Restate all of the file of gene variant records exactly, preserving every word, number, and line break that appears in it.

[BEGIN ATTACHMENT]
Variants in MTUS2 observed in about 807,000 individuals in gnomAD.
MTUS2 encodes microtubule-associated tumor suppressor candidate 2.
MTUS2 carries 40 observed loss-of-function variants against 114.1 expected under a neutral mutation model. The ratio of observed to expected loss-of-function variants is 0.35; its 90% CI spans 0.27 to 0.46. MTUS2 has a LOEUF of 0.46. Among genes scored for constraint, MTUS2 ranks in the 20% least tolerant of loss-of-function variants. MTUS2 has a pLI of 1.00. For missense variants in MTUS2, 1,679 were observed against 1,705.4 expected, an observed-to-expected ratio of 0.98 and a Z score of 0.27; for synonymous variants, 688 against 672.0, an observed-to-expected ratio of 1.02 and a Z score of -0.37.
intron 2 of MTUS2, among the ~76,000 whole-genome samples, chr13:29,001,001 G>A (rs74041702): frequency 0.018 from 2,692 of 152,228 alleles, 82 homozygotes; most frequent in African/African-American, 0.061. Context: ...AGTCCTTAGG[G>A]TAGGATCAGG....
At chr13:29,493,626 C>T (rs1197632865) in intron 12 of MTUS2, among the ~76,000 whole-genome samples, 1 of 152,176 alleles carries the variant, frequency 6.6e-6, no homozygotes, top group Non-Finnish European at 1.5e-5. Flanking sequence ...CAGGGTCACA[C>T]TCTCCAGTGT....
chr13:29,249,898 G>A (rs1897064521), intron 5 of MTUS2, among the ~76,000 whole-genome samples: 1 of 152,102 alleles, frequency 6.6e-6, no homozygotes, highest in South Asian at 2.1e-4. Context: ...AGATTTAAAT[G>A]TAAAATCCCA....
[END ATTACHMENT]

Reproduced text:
Variants in MTUS2 observed in about 807,000 individuals in gnomAD.
MTUS2 encodes microtubule-associated tumor suppressor candidate 2.
MTUS2 carries 40 observed loss-of-function variants against 114.1 expected under a neutral mutation model. The ratio of observed to expected loss-of-function variants is 0.35; its 90% CI spans 0.27 to 0.46. MTUS2 has a LOEUF of 0.46. Among genes scored for constraint, MTUS2 ranks in the 20% least tolerant of loss-of-function variants. MTUS2 has a pLI of 1.00. For missense variants in MTUS2, 1,679 were observed against 1,705.4 expected, an observed-to-expected ratio of 0.98 and a Z score of 0.27; for synonymous variants, 688 against 672.0, an observed-to-expected ratio of 1.02 and a Z score of -0.37.
intron 2 of MTUS2, among the ~76,000 whole-genome samples, chr13:29,001,001 G>A (rs74041702): frequency 0.018 from 2,692 of 152,228 alleles, 82 homozygotes; most frequent in African/African-American, 0.061. Context: ...AGTCCTTAGG[G>A]TAGGATCAGG....
At chr13:29,493,626 C>T (rs1197632865) in intron 12 of MTUS2, among the ~76,000 whole-genome samples, 1 of 152,176 alleles carries the variant, frequency 6.6e-6, no homozygotes, top group Non-Finnish European at 1.5e-5. Flanking sequence ...CAGGGTCACA[C>T]TCTCCAGTGT....
chr13:29,249,898 G>A (rs1897064521), intron 5 of MTUS2, among the ~76,000 whole-genome samples: 1 of 152,102 alleles, frequency 6.6e-6, no homozygotes, highest in South Asian at 2.1e-4. Context: ...AGATTTAAAT[G>A]TAAAATCCCA....